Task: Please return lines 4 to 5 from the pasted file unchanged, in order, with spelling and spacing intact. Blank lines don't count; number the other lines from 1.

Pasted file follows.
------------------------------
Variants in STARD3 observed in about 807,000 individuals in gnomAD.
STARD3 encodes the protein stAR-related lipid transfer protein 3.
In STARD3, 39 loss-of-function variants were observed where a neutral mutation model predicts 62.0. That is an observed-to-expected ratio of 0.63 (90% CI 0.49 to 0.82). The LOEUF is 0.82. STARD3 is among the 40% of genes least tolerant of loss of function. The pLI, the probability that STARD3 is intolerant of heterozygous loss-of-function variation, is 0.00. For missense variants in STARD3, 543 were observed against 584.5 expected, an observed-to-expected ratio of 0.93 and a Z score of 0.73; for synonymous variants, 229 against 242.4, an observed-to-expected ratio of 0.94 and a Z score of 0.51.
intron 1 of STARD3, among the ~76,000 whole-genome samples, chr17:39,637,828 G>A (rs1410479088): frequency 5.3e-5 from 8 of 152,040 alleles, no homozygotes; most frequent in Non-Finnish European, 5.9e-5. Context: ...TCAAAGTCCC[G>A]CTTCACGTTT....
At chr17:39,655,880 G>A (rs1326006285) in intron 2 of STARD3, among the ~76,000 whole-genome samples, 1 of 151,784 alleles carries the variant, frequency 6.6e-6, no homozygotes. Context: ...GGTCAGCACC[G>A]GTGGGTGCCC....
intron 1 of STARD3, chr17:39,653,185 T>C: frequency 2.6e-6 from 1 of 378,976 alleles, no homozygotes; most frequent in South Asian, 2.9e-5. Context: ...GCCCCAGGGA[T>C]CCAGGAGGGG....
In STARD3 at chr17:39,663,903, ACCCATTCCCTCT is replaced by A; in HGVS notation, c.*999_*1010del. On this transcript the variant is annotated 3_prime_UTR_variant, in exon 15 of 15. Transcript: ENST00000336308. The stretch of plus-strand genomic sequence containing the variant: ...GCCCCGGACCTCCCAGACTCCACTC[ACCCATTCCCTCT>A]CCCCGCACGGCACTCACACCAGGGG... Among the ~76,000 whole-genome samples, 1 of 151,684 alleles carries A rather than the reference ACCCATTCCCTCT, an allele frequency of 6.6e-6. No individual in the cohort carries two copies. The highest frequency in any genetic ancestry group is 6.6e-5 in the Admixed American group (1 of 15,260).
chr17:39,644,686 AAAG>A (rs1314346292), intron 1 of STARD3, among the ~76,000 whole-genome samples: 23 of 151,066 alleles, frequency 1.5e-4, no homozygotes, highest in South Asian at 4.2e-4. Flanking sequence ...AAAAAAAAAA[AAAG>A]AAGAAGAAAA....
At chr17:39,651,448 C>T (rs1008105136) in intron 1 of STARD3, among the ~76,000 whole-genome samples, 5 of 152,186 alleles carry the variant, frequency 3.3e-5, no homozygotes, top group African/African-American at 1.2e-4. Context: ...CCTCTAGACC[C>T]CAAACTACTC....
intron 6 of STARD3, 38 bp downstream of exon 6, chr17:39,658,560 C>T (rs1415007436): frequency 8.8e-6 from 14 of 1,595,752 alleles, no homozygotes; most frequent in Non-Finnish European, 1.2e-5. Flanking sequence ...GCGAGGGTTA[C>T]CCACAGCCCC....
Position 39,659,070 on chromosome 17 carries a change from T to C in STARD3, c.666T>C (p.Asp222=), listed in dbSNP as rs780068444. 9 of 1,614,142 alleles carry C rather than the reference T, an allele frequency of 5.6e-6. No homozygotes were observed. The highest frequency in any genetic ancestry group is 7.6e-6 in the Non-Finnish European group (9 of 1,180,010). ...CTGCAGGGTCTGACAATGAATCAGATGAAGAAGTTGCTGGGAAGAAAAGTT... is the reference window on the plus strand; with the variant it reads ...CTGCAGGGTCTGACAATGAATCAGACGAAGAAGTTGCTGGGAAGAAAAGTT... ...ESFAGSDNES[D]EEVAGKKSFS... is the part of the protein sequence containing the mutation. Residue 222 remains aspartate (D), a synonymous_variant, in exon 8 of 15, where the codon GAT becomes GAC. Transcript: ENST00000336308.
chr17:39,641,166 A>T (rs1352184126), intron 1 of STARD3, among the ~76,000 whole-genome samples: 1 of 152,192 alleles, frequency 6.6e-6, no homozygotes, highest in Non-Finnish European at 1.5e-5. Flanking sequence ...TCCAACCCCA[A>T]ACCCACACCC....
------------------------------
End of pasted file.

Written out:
intron 1 of STARD3, among the ~76,000 whole-genome samples, chr17:39,637,828 G>A (rs1410479088): frequency 5.3e-5 from 8 of 152,040 alleles, no homozygotes; most frequent in Non-Finnish European, 5.9e-5. Context: ...TCAAAGTCCC[G>A]CTTCACGTTT....
At chr17:39,655,880 G>A (rs1326006285) in intron 2 of STARD3, among the ~76,000 whole-genome samples, 1 of 151,784 alleles carries the variant, frequency 6.6e-6, no homozygotes. Context: ...GGTCAGCACC[G>A]GTGGGTGCCC....